25 years ago today, a jury in New Mexico announced its verdict in one of the most infamous and misunderstood cases in recent memory: Liebeck v. McDonald’s, also known as the “hot coffee lawsuit.”
This case is held up as one of most egregious examples of frivolous lawsuits. The story goes that a woman bought coffee from McDonald’s, drove with it between her legs, spilled it on herself, sued McDonald’s because it was hot, and took a cool $1 to $5 million (depending on who’s telling the story) off of them. “Wait, she sued because coffee was hot? And she was driving with it between her legs? What did she expect? Anyone can sue for anything these days.” Guess what? That story is almost completely false. I mean, Stella Liebeck did have hot coffee spill on her. That part is true. But here’s what’s not. Liebeck wasn’t driving. The 79 year old was in the passenger seat of her grandson’s car. He pulled into a parking spot, where she was trying to add cream and sugar to her coffee. The car didn’t have cupholders, so she put it between her legs, and when she pulled the lid off, it spilled all over her.
The spilled coffee wasn’t just unpleasant; it was served at nearly 190 degrees, which caused 3rd degree burns over 6% of her body, required multiple skin grafts, necessitated further care after she left the hospital, and left her permanently disfigured. She originally tried to settle with McDonald’s and asked for $20,000; they responded with an offer of $800.
At that point, she hired an attorney who discovered that 1) McDonald’s required franchisees to serve coffee between 180-190 degrees 2) no other coffee in the city was served at more than 160 degrees 3) 190 degree liquid causes third degree burns in less than 3 seconds and would burn the mouth if consumed at that temperature 4) 160 degree liquid takes over 20 seconds to cause third degree burns and 5)McDonald’s had been sued over SEVEN HUNDRED times in the prior decade for coffee being too hot and had settled up to $500,000 in cases and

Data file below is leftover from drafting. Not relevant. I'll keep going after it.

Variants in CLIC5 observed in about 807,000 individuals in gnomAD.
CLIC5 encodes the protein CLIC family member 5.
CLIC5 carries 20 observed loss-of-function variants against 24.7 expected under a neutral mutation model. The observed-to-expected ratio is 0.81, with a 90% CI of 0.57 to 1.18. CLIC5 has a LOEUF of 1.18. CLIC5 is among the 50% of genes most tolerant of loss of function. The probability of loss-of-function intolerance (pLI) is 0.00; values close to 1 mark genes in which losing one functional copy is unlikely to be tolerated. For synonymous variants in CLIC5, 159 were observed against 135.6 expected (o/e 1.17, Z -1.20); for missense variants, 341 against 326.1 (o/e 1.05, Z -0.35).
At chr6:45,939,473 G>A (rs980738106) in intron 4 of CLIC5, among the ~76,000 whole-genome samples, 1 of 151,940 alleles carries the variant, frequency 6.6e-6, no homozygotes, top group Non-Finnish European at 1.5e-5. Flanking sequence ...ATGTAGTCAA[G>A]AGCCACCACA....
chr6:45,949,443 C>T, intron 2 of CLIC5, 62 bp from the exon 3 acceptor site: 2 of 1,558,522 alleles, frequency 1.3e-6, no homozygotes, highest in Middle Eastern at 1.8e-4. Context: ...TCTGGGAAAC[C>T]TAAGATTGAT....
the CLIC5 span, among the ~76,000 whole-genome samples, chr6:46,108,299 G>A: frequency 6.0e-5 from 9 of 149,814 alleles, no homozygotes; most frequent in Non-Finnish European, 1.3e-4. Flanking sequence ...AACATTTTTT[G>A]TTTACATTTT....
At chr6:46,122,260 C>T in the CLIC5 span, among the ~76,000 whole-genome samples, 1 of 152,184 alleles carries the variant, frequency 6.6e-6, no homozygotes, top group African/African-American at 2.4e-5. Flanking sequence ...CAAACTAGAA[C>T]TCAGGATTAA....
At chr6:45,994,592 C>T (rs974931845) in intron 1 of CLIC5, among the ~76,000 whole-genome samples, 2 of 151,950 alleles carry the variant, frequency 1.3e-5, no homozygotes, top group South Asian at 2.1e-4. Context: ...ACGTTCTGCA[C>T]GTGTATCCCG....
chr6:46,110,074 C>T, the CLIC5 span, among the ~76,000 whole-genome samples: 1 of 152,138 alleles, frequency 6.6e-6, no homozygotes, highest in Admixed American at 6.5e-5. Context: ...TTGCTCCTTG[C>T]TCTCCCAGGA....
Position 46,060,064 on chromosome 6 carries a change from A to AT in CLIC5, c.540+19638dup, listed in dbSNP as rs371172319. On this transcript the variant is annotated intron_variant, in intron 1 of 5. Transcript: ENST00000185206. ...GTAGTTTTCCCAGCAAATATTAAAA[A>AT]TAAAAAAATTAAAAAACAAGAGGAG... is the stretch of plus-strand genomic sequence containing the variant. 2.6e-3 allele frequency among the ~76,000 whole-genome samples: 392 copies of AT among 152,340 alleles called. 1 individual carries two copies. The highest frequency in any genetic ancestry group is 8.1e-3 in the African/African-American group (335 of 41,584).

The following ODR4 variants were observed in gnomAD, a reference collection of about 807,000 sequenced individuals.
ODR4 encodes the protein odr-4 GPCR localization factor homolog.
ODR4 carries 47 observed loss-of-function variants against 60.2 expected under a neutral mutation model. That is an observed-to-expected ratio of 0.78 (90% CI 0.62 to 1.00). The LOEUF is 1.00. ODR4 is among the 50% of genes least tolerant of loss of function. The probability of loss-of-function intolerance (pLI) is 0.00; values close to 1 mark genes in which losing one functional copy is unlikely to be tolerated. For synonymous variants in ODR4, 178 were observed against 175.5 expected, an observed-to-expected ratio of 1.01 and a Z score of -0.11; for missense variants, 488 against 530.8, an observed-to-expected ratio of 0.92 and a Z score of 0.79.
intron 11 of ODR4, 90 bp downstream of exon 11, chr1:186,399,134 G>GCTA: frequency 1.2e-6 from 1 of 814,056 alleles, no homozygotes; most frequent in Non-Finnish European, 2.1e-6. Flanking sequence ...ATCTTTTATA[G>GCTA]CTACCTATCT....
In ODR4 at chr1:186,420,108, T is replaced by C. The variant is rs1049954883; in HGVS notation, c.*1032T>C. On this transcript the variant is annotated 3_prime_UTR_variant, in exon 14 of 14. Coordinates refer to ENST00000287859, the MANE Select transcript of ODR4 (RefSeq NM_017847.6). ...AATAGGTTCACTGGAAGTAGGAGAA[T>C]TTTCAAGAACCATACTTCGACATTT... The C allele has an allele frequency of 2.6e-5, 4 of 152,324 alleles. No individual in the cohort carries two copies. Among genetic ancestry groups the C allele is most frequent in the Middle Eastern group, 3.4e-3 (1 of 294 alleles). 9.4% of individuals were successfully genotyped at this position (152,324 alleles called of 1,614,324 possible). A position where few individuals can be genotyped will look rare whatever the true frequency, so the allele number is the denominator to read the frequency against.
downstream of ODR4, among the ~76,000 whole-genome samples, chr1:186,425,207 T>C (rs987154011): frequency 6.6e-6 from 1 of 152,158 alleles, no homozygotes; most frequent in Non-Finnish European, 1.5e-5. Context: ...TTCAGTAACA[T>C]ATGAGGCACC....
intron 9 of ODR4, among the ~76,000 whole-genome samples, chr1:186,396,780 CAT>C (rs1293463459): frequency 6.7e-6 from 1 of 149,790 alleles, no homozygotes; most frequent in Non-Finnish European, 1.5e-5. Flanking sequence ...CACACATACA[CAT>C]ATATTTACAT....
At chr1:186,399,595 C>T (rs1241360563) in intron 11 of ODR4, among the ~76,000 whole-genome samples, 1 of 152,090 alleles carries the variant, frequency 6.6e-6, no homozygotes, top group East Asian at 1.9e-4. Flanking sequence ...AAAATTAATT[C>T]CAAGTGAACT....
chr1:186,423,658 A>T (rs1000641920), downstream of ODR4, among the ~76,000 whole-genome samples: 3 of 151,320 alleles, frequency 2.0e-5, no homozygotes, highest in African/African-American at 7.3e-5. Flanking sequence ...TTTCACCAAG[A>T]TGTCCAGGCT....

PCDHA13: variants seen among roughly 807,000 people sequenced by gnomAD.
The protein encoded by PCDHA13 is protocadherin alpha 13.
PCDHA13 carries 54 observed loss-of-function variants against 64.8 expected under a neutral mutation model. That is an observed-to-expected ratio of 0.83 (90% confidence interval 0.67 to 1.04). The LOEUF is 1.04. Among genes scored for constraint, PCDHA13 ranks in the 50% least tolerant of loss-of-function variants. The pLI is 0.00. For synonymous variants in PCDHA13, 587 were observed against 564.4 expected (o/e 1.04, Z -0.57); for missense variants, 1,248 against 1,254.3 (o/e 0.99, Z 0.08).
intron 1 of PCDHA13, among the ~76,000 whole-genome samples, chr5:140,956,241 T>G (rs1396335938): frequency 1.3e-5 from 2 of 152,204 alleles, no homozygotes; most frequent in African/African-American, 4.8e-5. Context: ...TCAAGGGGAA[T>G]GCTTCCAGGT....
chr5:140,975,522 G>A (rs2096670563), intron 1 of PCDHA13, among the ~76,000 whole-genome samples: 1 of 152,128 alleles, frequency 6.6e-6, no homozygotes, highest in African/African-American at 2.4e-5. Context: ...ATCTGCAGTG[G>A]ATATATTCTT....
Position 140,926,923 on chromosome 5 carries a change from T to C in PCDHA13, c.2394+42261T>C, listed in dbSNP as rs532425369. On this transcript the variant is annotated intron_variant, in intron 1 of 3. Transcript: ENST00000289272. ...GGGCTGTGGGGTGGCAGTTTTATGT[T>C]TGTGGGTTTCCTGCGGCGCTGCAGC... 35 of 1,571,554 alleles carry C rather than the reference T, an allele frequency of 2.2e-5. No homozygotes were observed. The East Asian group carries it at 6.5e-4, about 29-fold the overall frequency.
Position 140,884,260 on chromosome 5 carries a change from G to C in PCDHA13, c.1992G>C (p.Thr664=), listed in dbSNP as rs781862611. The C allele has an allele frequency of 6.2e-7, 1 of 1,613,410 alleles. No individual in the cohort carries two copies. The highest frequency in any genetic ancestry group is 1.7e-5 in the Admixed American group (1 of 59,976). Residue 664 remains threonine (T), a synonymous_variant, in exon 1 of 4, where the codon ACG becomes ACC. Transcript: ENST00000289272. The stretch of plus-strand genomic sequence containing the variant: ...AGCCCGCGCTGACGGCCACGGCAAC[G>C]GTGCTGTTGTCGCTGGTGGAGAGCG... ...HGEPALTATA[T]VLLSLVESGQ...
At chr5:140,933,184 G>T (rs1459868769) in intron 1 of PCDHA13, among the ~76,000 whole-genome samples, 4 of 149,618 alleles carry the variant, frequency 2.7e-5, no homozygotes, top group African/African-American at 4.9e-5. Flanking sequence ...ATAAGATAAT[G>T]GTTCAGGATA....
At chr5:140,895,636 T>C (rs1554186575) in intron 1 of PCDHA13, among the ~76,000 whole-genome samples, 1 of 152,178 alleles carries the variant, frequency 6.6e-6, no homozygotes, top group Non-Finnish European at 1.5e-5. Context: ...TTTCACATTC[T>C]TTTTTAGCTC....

been told to lower the temperature.
Ultimately, McDonald’s refused an arbitrator’s suggestion of a $225,000 settlement and the case went to trial, where a jury ultimately awarded Liebeck $200,000 in compensatory damages, and $2.7 million in punitive damages. “A hal,” you sa, “so she still got millions! That’s still frivolous!” Well…no.
First, the jury found Liebeck was 20% at fault, so the compensatory damages were reduced by that amount, to $160,000. Then the judge reduced the punitive damages to three times the compensatory, or $480,000, for a total of $640,000. We don’t know how much Liebeck got because they eventually settled for less than $600,000, but between medical expenses and legal fees, it’s a FAR cry from the millions she got for a slightly warmed leg in the well—known story.
So how did this become so legendary? Simple. McDonald’s knew the case was going poorly, so it looked to the one thing it had that Liebeck didn’t: a bully pulpit. They started a massive PR effort that was basically a smear campaign, painting Liebeck as some irresponsible scofflaw trying to take their hard-earned money. And it worked, to the point that the annual “awards” for frivolous lawsuits are known as
As for Liebeck? The then 81 year old didn’t have the money, platform, or desire to fight back, and used the money to pay for a live-in nurse. She watched company after company use her case as an excuse for tort reform, to stop the big bad consumers from hurting the poor, poor multinational billion dollar corporations, before passing in 2004 at age 91.
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